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Chongqing's charms

More than just a manic industrial city, Chongqing's northern natural wonders, fiery cuisine and sleepy ancient towns make it an underrated weekend destination. By Debbie Yong

Published Fri, Apr 18, 2014 · 10:00 PM
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THE pagodas atop Jin Yun mountain try their best to motivate visitors.

Placards along the ascent beckon: "200 more steps to the summit". Our local guide boasts of the view, up top, over tranquil Bei Bei, a district north of Chongqing, while retiree residents from the 12-million-population city - drawn here for the much-needed oasis of calm - clamber past us gingerly.

But we plug on today, cramping calves and all, neither for the view nor for the potential shame in lagging behind geriatrics. Because the best reward is the one well-earned, the carrot on our stick, really, is the private hot spring soak that awaits upon return to our lodging for the trip, the Banyan Tree Chongqing Bei Bei.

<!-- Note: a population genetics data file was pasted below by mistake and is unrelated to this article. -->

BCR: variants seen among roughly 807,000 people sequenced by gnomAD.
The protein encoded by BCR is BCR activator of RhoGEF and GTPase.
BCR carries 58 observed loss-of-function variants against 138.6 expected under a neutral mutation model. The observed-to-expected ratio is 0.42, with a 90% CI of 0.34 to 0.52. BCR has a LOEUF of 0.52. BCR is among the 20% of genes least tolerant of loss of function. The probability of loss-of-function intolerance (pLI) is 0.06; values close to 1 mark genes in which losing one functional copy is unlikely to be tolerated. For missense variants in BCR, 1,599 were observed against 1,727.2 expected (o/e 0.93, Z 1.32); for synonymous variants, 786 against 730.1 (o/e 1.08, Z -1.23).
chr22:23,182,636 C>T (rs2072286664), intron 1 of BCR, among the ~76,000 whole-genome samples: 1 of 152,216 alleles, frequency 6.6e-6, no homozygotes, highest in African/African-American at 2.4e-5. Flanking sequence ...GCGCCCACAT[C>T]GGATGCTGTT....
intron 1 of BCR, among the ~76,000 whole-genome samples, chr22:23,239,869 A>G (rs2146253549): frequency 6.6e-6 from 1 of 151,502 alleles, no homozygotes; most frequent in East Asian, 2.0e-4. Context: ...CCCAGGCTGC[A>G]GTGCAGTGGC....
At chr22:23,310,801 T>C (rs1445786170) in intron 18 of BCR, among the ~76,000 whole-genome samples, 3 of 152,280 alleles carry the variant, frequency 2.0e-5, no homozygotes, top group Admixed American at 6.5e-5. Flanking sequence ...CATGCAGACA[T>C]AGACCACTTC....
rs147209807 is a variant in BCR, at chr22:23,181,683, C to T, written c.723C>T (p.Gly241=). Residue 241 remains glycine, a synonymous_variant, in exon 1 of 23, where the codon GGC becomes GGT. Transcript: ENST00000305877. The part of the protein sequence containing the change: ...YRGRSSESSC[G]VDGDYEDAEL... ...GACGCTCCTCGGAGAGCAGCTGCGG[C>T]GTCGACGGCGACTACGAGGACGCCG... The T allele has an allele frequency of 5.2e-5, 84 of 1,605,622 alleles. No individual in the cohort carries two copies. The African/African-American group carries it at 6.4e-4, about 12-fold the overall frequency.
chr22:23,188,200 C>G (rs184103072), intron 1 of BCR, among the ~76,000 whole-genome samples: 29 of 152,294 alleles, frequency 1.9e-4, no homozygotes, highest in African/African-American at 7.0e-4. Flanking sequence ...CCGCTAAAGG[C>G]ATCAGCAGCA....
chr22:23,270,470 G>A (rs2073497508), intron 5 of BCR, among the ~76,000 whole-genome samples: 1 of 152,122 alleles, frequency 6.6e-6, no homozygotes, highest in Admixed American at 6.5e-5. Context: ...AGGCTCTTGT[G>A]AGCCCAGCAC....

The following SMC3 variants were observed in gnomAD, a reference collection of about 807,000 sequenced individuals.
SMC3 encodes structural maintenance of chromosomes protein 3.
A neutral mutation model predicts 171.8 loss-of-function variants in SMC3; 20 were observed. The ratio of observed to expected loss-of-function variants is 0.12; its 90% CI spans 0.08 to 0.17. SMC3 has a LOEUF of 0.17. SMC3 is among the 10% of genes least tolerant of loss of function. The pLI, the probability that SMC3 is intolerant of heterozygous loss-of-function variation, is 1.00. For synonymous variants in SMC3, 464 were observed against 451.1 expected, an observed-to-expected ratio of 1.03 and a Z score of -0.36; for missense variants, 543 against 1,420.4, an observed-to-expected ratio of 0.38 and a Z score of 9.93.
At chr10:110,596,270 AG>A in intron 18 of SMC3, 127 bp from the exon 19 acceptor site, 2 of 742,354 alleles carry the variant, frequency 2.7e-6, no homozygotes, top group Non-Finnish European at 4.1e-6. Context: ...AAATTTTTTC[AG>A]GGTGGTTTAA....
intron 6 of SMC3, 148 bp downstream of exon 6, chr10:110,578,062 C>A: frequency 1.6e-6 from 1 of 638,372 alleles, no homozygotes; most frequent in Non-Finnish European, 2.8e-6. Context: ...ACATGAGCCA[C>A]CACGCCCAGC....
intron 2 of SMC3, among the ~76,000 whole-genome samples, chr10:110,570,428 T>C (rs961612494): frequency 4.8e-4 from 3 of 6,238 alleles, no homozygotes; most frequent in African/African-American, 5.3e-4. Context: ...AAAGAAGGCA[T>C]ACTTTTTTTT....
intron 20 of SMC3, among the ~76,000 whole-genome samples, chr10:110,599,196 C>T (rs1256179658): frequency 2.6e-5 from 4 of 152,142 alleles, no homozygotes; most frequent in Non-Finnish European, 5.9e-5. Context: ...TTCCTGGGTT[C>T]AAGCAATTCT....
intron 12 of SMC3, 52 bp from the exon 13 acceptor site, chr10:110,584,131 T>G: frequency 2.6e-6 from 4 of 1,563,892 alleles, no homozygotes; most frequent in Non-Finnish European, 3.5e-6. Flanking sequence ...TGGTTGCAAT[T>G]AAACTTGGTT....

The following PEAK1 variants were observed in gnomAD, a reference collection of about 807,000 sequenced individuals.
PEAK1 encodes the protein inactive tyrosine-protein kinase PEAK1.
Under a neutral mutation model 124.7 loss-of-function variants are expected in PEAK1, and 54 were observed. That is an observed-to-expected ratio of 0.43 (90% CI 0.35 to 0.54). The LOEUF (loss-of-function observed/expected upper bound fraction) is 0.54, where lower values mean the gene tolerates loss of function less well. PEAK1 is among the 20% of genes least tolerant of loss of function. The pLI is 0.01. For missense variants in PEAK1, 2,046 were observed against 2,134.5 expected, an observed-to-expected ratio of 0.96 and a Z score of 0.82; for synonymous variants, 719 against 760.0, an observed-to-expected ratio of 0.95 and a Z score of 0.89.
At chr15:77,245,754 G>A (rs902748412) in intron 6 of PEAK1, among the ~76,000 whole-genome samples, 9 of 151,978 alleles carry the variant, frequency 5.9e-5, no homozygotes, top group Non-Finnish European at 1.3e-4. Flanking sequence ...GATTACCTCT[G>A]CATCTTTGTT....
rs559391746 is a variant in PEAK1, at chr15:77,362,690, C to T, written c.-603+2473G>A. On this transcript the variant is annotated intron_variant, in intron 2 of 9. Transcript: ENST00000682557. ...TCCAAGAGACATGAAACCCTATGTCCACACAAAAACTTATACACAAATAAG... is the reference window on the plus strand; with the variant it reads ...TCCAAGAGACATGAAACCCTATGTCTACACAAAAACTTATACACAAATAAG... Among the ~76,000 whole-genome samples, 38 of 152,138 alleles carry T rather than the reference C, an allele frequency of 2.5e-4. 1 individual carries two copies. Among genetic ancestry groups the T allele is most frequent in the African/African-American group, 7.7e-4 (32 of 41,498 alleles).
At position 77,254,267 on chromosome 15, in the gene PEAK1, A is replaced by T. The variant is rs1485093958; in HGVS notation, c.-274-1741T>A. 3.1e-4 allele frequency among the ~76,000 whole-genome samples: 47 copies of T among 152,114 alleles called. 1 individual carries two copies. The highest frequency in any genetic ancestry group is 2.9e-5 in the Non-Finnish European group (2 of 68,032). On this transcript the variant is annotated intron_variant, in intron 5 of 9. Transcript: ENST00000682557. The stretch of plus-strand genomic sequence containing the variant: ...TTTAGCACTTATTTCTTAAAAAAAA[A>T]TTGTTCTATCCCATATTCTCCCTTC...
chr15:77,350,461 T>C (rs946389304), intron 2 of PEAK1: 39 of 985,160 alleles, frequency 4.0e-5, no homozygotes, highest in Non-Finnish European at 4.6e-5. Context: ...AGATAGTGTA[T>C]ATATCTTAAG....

The Banyan Tree brand's first resort in south-west China is also a first of its kind for the company: besides seven hot spring pools on the resort's main grounds - there are separate indoor hot spring baths for males and females. Outside, five pools offer a mixed bathing experience. But the key feature of the six-month-old resort is the private, in-room hot spring jacuzzis that feature in each of its 107 suites and …

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